We are so excited to see the Spring crop of Stinging Nettles coming up here on the North Coast. This wild food is so delicious and rich in nutritive vitamins and minerals as well.
This plant is native to western North America, Asia, some regions in North Africa and has migrated with people to other parts of the world as well. It typically grows from early spring through the summer (although here in northern Humboldt County we will often see an Autumn crop come up). Nettle grows from 3 - 7 feet tall with serrated, deep green leaves. The "stinging" comes from a combination of acids (formic acid, oxalic acid, etc.) and neurotransmitters (histamine, seratonin, etc.) that cause a stinging sensation and irritation in our skin.Scientists have not yet isolated all the chemical components that cause this reaction, but some healing traditions have found that this sting can help alleviate some symptoms of arthritis.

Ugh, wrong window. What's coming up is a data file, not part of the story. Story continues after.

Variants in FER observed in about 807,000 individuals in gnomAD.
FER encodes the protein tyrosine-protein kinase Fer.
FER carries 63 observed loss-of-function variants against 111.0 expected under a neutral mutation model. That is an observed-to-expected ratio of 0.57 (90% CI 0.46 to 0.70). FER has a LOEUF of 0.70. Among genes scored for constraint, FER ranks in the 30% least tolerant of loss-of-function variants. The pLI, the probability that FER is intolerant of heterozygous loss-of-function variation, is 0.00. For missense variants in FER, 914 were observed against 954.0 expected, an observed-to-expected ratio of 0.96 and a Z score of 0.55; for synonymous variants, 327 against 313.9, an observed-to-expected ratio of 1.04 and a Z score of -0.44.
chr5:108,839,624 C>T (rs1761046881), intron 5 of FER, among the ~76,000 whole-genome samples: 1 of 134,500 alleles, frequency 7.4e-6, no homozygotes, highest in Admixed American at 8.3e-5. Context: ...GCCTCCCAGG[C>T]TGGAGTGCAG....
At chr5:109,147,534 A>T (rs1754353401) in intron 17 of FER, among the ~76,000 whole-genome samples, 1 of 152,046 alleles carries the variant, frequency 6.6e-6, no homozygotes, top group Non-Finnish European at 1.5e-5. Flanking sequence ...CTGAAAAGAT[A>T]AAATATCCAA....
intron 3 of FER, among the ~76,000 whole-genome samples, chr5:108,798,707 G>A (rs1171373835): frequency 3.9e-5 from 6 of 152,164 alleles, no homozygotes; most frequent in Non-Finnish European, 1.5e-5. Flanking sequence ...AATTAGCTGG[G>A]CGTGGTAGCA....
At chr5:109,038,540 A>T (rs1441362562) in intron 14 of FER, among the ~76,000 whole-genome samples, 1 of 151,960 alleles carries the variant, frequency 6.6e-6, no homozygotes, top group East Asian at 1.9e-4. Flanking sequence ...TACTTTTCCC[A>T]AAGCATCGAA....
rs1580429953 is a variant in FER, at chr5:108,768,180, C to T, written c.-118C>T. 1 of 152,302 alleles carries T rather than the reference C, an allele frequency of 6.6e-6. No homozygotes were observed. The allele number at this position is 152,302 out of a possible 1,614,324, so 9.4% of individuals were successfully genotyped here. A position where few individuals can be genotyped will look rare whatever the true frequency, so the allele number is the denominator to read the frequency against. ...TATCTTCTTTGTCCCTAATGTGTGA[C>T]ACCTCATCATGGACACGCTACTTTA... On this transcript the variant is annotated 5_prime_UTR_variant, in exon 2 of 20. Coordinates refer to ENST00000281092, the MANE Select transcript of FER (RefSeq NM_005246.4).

Here are some links to great recipes we've found. We'd love to see what you've made with your wild Nettles, so feel free to comment with pictures, recipes, etc!
Spring Lasagna with Asparagus, Peas, and Stinging Nettles: https://bit.ly/2UzIWFt
Feeling like some sweets? Try a delicious Nettle Cake: https://bit.ly/2Ulo0m6
Simple Nettle Gnudi (similar to gnocchi) by Katie Stacy: https://bit.ly/2UzDX7E
Nettle Ramen Noodles: https://bit.ly/2Uk8Nlh
In terms of flavor and texture, one might describe Nettle as a "hairy spinach" and it fulfills a similar roll in recipes. Nettle soup and nettle pesto are wonderful simple recipes to make as well. Enjoy!
*Image by Manfred Richter